This year is coming to an end. I feel it in the cold wind driving down the canyons of the coastal rivers, in the roadside hail and slush from last night’s torrent of cold rain, hail, and icy winds. The winter sun, in midafternoon, is almost touching the southern horizon over the slate gray ocean. There’s a big surf, but there’s also whitecaps going against the waves, driven by the icy wind.
I drive into the quaint, coastal-tourist town, now healing a bit from the storm nearly a month ago. Fallen trees are gone, power poles are restored, and there is a bustle of activity on the main street, as the town has filled up for the New Year’s celebration. There’s an excitement in the air. Its time to celebrate, even if its just the turning of the calendar. We are all, perhaps, ready for a new year, a fresh start.
I meet my hearing aid specialist at his beach house. His wife and granddaughter are running around, excited to be leaving for a stroll on the beach. A fire blazes in the wood stove, and the cabin is losing its winter chill. They are all thrilled to have left the City, and found their way to their beach retreat, ready to relax and enjoy the ocean and the quiet town and just some time together. The little girl tells me her name is Victory and she is three. And, at her next birthday, she will be four. For her, this is profound and she is filled with seriousness in this telling.
The bookstore is crowded, with book lovers poring over the new titles, finding some treasure to read on New Year’s Day, in the quiet of their cabins and motel rooms. Every time I come to this town, I have to stop here. Where else does one find a poster of Hemingway next to one of Poe, and next to Che Guevara smoking a cigar? One lady’s loud voice fills the store with her opinions on authors and her review of her family holiday gatherings. Her companion looks pained and embarrassed for her, and simply wants to find a book and leave. The rest of us nod silently in agreement, and sympathy.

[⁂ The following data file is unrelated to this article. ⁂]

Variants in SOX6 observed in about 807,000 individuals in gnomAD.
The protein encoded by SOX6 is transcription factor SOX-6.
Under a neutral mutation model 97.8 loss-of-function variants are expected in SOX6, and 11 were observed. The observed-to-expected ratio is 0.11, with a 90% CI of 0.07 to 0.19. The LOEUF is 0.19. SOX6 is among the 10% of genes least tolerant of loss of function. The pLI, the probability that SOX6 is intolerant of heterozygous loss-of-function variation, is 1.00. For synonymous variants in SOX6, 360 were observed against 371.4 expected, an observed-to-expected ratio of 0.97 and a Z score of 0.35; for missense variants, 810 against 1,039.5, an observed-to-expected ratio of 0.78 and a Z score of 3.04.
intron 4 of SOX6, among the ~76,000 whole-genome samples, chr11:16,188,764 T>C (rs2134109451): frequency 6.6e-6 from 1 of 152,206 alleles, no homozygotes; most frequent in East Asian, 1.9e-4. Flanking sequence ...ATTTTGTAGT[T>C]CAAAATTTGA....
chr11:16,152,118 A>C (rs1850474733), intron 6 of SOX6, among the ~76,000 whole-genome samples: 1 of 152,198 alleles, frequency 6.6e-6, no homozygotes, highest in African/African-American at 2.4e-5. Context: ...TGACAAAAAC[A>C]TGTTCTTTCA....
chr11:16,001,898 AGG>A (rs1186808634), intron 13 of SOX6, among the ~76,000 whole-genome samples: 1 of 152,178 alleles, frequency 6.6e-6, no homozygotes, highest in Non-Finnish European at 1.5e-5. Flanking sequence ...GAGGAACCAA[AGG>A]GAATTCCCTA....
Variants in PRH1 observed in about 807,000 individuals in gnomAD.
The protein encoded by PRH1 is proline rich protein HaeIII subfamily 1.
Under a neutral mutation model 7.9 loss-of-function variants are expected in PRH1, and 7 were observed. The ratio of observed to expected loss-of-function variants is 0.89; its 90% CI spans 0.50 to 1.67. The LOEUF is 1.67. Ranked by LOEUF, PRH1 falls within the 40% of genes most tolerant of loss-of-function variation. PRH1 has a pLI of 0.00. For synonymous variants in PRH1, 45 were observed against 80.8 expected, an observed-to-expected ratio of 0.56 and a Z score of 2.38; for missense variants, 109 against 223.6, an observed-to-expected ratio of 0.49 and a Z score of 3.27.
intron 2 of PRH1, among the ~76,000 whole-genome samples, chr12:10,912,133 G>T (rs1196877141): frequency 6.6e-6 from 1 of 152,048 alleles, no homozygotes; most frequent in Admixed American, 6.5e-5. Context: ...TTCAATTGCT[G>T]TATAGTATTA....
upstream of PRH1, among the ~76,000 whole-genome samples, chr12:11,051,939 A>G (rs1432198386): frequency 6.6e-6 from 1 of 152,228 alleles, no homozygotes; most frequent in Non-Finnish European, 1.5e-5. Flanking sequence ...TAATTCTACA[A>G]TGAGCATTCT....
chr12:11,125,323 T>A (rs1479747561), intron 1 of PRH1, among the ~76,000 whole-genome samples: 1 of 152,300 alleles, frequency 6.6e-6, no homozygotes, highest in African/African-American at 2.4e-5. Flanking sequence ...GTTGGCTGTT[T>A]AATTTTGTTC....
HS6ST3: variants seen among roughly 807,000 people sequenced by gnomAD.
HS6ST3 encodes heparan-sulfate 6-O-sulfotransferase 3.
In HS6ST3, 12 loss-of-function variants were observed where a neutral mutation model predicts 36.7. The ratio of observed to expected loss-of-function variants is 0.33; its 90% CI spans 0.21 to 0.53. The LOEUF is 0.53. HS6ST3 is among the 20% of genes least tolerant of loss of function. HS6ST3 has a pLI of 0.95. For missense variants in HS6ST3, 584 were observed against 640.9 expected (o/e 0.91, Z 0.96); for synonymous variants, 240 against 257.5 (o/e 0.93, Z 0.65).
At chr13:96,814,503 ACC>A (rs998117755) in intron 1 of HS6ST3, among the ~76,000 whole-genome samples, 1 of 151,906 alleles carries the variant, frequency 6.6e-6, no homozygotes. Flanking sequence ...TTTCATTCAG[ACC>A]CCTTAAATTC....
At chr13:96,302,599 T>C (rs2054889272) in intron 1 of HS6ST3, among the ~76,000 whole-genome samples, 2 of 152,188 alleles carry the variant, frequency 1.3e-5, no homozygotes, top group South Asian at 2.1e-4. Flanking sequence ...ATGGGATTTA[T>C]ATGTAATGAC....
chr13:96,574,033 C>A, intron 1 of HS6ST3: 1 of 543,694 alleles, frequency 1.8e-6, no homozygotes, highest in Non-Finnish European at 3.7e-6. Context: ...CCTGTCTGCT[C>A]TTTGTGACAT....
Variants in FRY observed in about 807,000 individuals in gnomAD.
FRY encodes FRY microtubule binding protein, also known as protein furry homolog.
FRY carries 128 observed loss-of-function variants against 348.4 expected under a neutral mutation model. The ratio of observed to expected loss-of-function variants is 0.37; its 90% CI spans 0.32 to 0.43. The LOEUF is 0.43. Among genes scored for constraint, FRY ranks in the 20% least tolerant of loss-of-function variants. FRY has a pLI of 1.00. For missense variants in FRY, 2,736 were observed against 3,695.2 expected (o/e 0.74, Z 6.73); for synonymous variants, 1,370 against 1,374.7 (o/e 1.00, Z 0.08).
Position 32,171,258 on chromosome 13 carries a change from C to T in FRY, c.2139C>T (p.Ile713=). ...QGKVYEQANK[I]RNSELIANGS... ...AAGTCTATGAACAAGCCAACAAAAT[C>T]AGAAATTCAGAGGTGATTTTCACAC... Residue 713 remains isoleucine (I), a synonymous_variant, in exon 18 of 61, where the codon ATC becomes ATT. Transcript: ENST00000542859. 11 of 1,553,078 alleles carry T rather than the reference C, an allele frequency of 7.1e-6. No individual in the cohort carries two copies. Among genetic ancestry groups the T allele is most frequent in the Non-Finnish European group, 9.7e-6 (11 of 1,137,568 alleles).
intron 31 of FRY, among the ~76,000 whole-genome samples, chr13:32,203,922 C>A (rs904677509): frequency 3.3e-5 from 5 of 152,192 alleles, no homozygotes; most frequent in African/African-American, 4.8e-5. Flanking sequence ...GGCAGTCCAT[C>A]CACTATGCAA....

The book store clerk recognizes me as both a local and a regular, and greets me with a grin, and a grimace at the loud lady’s commentary. The normal atmosphere here is a hushed excitement about books and quiet conversations about new discoveries and greetings with old friends, culminating with a stroll to the coffee house a few blocks away, new books in hand.
I, too, am drawn to the coffee house, and the owner makes me a great latte, and wishes me a joyous new year. The hot coffee feels especially delightful as I make my way back to the car, the chill winds of the late afternoon making me glad I have my fleece and my coat on, but wishing for my gloves and hat.
Driving home, along two bays, the beach, and across a number of rivers, the solstice time emits a slow, weak light that turns everything to silver. Even green trees have a glint of platinum, as they reflect in the bay waters at high tide. The sun hides behind thin clouds, its aurora turning fat as it fills the lower sky over the bay and the ocean. All too soon, the light fades even more, and its dusk at 4:30. At least, the days are getting longer now, if only by a few minutes.
The gas station attendant gives me a wave, as he scrubs my windshield clean of the last week’s worth of rain, sleet, and road mud. He’s happy to be working, and he knows we last saw each other as he was shuffling down the courthouse halls, in belly chains, on his way to court. We don’t mention that meeting, and we both prefer to simply wish each other a happy new year. And life goes on.
Darkness now upon me, and I pull into my driveway. The lights are on, bringing a warm bronzy feeling to the cold night air. I open the door and the warmth and smell of dinner and the arms of my loving wife await me.